The high and increasing ozone over South Korea could thus reflect a combination of decreasing NOx emissions and/or increasing VOC emissions under VOC-limited conditions for ozone production (Jung et al., 2018), as well as high and increasing background ozone. Here we aim to better understand the factors controlling ozone and its increase in the SMA and more broadly over South Korea during the 2015–2019 period. We focus our analysis on the 90th percentile MDA8 ozone as a robust metric for polluted conditions (Fiore et al., 1998; Sun et al., 2017; Wells et al., 2021). We use a random forest (RF) method (Grange et al., 2018) to correct for the role of meteorology in driving the 2015–2019 ozone trend in the SMA and show that meteorology-corrected ozone is highest in May–June and increases the fastest in April–May, while showing no significant trend in July–August. We find that a 3-D chemical transport model driven by meteorological input from the Goddard Earth Observing System (GEOS-Chem) can successfully capture the magnitude and trends of ozone concentrations, including their seasonality. We use the model to quantify the importance of domestic and different background contributions in driving elevated ozone and its increase over South Korea.
We use ozone and NO2 concentrations measured hourly by the AirKorea national air quality network of the South Korea Ministry of Environment (http://www.airkorea.or.kr/web, last access: 3 October 2022). There are 255 sites in South Korea covering the 2015–2019 period including 79 sites in the SMA defined here as the rectilinear domain (37.2–37.8∘ N, 126.7–127.3∘ E). Figure 1 shows the maximum monthly 90th percentile MDA8 ozone at the ensemble of AirKorea sites for each year from 2015 to 2019. Ozone rises steadily over that period except for a dip in 2018, reaching 96 ppb in 2019 averaged across all AirKorea sites. High values are spread throughout South Korea, and no site meets the 60 ppb air quality standard. Also shown is the monthly time series of ozone for the SMA. Ozone levels are similar to the rest of South Korea, though they do not show the 2018 dip. The seasonal maximum is in May–August depending on the year.
Figure 2 shows the annual mean 24 h average NO2 concentration at the ensemble of AirKorea sites. Concentrations of NO2 in the SMA are generally 10 ppb higher than averaged across South Korea. NO2 concentrations peak in winter and are minimum in summer, as observed elsewhere in East Asia, and are mostly driven by longer NOx lifetime and reduced vertical mixing in winter (Lamsal et al., 2010; Shah et al., 2020; Lin et al., 2019; Kim et al., 2020). There is a decreasing trend over the 2015–2019 period as previously reported by Seo et al. (2021), with this being the case more so in summer than in winter.
The 2015–2019 trends in ozone and NO2 concentrations from Figs. 1 and 2 could reflect not only emission trends but also meteorological variability. Here we use a random forest (RF) non-parametric statistical model (Breiman, 2001; Tong et al., 2003) to isolate and remove the effect of meteorological variability for the 79 AirKorea sites in the SMA (Fig. 3). RF is a supervised ensemble machine learning method, where many individual uncorrelated decision trees are fit to the training data to predict an output value, with the average value taken as the best estimate (Breiman, 2001). The RF model was constructed using R “normalweatherr” packages (https://github.com/skgrange/normalweatherr, last access: 17 August 2022; Grange et al., 2018). Hourly meteorological data are from two sites operated by the Korea Meteorological Administration (KMA) within the SMA (https://data.kma.go.kr/data/grnd, last access: 21 June 2022). The RF model is trained to predict the hourly ozone and NO2 concentrations averaged across the 79 AirKorea sites using the meteorological data averaged for the two KMA sites as well as the time of the day, the day of the year and a long-term linear trend (Unix timestamp). Explanatory variables for the RF algorithm are listed in Table 1. Training of the RF model was conducted on 70 % of the input data, and the other 30 % was withheld as testing data. The number of variables used to grow a tree was set to 3, the minimum node size was 5 and the number of trees within a forest was set to 300. Once trained, the RF model is then used to predict ozone and NO2 concentrations based on randomly sampled meteorological data, and predictions are aggregated as described below.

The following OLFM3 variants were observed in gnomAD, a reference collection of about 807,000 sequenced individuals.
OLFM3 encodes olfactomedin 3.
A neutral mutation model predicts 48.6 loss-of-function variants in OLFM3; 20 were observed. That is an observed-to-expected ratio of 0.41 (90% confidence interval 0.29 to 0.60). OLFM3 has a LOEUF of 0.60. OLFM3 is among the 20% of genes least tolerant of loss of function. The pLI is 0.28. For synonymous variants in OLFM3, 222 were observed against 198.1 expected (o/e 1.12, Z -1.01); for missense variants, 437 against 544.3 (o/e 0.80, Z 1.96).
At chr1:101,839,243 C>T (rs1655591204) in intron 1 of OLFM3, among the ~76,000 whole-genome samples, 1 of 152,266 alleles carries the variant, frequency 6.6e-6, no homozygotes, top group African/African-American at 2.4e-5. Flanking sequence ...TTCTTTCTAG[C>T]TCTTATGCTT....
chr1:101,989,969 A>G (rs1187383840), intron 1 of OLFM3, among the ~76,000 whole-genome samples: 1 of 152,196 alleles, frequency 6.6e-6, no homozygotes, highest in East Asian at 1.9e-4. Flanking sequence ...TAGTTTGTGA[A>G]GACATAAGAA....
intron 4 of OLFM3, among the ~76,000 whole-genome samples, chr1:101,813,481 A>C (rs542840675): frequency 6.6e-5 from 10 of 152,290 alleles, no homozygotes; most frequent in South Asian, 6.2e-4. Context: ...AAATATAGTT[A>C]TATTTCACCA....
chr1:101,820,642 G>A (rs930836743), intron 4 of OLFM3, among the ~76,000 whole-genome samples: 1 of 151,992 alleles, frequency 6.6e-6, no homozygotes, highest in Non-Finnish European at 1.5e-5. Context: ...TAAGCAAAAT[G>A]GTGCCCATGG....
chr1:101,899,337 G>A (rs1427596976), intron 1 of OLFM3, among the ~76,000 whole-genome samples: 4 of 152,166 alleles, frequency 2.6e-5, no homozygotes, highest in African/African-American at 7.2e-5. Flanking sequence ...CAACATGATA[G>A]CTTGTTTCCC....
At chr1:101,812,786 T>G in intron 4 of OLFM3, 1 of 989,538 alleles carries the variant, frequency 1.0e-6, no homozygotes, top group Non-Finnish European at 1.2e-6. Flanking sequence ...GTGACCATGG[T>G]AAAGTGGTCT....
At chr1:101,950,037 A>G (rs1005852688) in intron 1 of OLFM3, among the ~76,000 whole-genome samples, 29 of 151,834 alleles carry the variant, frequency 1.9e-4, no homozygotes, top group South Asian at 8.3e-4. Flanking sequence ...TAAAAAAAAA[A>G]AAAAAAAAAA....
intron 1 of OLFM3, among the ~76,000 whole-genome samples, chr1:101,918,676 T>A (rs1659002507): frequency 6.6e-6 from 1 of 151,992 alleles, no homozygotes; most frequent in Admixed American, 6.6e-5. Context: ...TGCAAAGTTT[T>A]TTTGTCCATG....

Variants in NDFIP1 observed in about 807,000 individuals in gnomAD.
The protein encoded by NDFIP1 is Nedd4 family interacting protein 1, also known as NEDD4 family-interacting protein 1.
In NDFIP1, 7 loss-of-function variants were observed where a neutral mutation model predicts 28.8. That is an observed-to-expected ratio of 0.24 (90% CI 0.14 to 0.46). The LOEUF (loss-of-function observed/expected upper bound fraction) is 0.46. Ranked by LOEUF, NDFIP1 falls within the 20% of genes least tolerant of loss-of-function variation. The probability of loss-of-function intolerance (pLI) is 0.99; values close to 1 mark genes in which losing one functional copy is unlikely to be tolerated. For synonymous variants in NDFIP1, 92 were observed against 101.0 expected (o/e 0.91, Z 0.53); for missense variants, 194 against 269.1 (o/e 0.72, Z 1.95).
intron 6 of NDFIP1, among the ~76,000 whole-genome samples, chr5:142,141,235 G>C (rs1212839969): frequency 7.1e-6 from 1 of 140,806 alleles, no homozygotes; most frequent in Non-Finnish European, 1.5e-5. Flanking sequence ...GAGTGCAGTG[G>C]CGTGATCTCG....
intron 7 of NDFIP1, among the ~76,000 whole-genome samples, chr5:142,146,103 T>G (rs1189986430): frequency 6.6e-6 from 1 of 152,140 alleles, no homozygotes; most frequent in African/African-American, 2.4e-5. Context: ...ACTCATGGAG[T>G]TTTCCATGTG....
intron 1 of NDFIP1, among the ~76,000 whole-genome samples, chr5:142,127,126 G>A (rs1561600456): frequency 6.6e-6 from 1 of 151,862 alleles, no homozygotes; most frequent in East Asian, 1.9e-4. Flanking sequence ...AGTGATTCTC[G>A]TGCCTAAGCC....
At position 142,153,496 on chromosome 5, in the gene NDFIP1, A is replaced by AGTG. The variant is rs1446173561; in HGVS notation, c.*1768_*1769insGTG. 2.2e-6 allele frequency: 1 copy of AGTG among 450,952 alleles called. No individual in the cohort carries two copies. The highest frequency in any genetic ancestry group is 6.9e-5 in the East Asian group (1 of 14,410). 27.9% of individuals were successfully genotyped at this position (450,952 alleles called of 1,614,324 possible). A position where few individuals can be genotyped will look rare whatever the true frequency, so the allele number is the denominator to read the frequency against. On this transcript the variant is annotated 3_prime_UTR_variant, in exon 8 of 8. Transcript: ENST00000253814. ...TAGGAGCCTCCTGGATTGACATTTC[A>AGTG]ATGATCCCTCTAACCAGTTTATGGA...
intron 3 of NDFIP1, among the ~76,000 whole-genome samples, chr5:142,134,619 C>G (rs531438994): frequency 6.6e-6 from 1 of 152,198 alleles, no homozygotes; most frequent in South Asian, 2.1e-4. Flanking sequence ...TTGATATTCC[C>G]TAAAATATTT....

Figure 4 compares observed and predicted hourly concentrations of ozone and NO2 for the data withheld from training. The RF model shows a strong predictive ability (R=0.93 for ozone, 0.90 for NO2) with negligible mean bias (0.23 ppb for ozone, 0.01 ppb for NO2) and a root mean square error (RMSE) of 5.9 ppb for ozone and 6.2 ppb for NO2. The model has difficulty in capturing the tails of the distribution, which is a well-recognized problem in RF algorithms (Zhang and Lu, 2012; Pendergrass et al., 2022).
a Hourly explanatory variables in the random forest (RF) model fitted to hourly ozone and NO2 concentrations averaged across 79 AirKorea sites in the Seoul metropolitan area (SMA) for 2015–2019. b Meteorological data are from the two SMA stations for synoptic meteorological observation (https://data.kma.go.kr/data/grnd) located at Gwanaksan (37.345∘ N, 126.975∘ E) and in Seoul (37.585∘ N, 126.980∘ E). Data are averaged across the two stations for input to the RF model. c Day of the year, used as a seasonal term. d Used as a linear-trend term.